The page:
In honour of the brand new Tech Trailblazers stage featured at the Festival of Marketing in November, here’s a look at how the car industry is disrupting the technological landscape.

This week sees the opening of the 2015 Frankfurt Motor Show, the largest of its kind in the world.

Over the past months there has been a lot or murmurings from Silicon Valley as the global tech giants are rumoured to be working on all manner of their own car technology, including zero-emission pure electric engines and autonomous cars.

In many ways the traditional auto manufacturers have been a little lost in the buzz. Well no longer, it is fair to say that collective car industry have seized Frankfurt Motor Show 2015 as their springboard to lay out their vision and commitment to the future of cars, and it’s digital.

Probably one of the most poignant speeches highlighting the scale of this transformation came from VW Group CEO, Dr. Martin Winterkorn. 

We are in the process of reinventing Europe’s largest automaker, laying the technological, economic and structural foundations. Our group already has the largest connected vehicle fleet on the road. By 2020 we will have transformed all of our new cars into smartphones on wheels.

During his speech VW Group unveiled new cars from across their brand portfolio each with an emphasis on efficiency and connectivity.

This theme extends right across the industry with other major players including BMW and Mercedes all announcing innovative technology centering around autonomy, fuel efficiency and connectivity.  

Here are the key themes that are causing the most interest from the world’s press.

Car interfaces and gesture control

Increasingly car dashboards are moving away from switches and dials, instead adopting TFT screens allowing new and interesting ways of displaying and engaging with data and content.  

BMW has announced some interesting new features on its flagship model, the 7 Series. Drivers will now be able to access and interact with the car via gesture control. Using 3D visual sensors, the driver is able to gesture using a finger controlling features such as the volume on the radio.  

The range of what’s possible is limited at the moment but this will likely grow as the technology becomes established.

Building a car app ecosystem

While not necessarily news, it’s fair to say that the connected car and use of apps is no longer a pie in the sky idea with nearly all manufacturers committing to or launching cars with connected functionality.

One of the challenges is how you accommodate the technology people already use. Apple have launched Apple Carplay with many of the car makers offering integration, however with competing system from Google and proprietary systems developed by the manufacturers themselves, it will be interesting to see how this plays out over time.

It is an exciting prospect opening up the in-car apps to the developer community, especially as car technology has traditionally been closed systems.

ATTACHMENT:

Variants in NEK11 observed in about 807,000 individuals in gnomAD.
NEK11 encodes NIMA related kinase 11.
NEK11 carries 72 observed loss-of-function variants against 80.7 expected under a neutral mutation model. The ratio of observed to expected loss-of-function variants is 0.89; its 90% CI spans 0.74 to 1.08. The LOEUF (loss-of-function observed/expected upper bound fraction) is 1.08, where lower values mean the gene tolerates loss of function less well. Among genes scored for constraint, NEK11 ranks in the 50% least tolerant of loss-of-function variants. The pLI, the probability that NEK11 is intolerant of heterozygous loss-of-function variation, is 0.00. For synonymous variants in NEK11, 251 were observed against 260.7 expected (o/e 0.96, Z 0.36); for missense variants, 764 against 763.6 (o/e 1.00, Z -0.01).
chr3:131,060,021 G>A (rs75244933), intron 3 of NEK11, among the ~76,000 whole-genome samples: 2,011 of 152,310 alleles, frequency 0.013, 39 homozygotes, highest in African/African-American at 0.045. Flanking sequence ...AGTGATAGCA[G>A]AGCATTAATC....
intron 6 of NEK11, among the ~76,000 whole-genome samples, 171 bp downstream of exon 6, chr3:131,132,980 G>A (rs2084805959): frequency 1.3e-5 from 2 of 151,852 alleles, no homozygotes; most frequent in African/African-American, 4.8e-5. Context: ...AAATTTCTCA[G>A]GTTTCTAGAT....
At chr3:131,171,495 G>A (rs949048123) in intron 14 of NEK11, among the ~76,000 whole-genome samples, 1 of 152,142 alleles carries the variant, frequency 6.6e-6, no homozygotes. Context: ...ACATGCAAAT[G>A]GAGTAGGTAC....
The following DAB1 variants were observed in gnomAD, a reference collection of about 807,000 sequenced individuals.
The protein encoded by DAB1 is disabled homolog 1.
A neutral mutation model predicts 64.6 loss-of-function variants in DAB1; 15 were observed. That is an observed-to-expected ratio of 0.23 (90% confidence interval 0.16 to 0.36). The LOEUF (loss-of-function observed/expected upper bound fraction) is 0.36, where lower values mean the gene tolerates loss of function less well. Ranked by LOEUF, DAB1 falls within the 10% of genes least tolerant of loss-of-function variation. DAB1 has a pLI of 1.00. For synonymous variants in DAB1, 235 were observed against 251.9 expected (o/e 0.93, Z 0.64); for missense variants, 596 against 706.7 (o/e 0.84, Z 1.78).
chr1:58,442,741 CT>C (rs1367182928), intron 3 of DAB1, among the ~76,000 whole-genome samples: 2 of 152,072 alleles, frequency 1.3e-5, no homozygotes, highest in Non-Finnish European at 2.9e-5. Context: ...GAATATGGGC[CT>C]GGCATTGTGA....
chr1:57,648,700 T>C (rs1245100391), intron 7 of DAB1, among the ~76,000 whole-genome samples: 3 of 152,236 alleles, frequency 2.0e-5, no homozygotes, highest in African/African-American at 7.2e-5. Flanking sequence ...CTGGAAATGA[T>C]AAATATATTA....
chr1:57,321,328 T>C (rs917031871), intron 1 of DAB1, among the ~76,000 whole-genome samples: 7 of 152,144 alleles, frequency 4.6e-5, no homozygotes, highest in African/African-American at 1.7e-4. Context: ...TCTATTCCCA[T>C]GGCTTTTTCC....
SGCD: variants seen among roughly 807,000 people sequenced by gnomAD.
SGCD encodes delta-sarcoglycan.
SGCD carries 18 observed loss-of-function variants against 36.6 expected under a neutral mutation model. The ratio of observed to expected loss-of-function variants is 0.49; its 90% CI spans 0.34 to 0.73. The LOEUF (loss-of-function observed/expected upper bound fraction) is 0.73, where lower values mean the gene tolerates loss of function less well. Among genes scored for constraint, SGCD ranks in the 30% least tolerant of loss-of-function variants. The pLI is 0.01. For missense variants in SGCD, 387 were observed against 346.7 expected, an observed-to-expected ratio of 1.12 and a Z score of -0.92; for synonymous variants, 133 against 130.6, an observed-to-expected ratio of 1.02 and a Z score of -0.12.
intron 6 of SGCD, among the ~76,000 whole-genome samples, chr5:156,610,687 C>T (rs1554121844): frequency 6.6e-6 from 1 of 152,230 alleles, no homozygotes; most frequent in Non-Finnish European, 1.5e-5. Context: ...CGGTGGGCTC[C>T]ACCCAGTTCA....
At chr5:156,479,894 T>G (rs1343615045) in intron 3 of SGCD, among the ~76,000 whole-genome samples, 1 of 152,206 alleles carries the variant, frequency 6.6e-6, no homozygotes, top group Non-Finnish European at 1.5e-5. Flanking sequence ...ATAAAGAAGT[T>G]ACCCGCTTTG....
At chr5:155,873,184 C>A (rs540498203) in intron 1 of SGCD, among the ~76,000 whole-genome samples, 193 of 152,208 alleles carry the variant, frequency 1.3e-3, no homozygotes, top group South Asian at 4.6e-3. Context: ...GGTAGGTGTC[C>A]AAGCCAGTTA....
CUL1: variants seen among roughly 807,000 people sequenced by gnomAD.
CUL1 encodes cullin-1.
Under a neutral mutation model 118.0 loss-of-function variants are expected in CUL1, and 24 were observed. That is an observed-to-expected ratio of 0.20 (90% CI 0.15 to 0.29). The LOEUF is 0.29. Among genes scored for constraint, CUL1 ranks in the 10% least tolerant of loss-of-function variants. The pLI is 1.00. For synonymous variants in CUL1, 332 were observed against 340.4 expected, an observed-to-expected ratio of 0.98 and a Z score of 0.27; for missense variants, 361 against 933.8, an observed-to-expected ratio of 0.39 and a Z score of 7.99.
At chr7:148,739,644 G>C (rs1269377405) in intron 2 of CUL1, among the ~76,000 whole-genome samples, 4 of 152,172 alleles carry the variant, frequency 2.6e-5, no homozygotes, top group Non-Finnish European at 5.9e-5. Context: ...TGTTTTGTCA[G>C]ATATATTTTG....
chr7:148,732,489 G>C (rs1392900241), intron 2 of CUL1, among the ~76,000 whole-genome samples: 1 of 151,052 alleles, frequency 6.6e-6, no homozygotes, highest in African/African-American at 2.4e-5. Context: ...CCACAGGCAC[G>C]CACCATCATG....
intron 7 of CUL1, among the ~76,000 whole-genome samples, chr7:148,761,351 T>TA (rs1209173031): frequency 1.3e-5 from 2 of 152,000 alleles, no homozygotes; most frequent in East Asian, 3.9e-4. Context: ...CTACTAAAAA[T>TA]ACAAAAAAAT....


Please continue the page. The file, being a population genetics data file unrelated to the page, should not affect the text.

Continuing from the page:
Autonomous cars are coming

For months there have been pictures of strange looking vehicles driving around the streets of Silicon Valley. It is rumoured that Apple is investing heavily in R&D, Google has been demoing the technology for some years now and one to watch is certainly Uber, a company creating an infrastructure that’s perfect for shared and autonomous driving.  

Mercedes Benz sees this trend as significant and at Frankfurt, laid out plans in a big way including its intention to develop a self-driving fleet of limousines.

CEO Dieter Zetsche even suggested that the Mercedes-Benz of the future will not be a car company but a “Connected Mobility Services Provider” which demonstrates the scale and impact digital technology will continue to have.

Autonomous Driving, while still in its infancy, is certain to be the future of driving and the coming years will be interesting in seeing how demands around infrastructure and policy play out.

 

Selling the sizzle

One of the key points of any major Motor Show is how to get your news bubbling up to the top of all the noise, and at this year’s show the car companies have been embracing social media and digital experiences in a big way to get their news far and wide.  

For example Lamborghini used Periscope to to live launch the new Huracan Spyder and Toyota has integrated a live StoryStream into its European websites creating a visual content hub combining social and brand content from the show.

The other aspect is the physical scale and size of the manufacturer stands, which include space for driving cars (inside!), projection mapping, walls of LED screens and much more. This is the car industry making a big splash and a big statement.

The Future

In my view, the 2015 Frankfurt Motor Show represents a watershed moment in the car industry. Rather than turning away and burying heads in the sand, the majority of car makers are recognising the huge cultural and economic shifts occurring best typified by the growing sharing economy.

With the tech giants hot on the auto industry heels much of the future is up-for-grabs.  

It is very much a time to innovate or die and we are going to see new business models and approaches that challenge how we view personal transport. In 20 years time it will be interesting  to see which auto manufacturers remain and in what guise.

One thing is for sure, the 2015 Frankfurt Motor Show marked the turning point.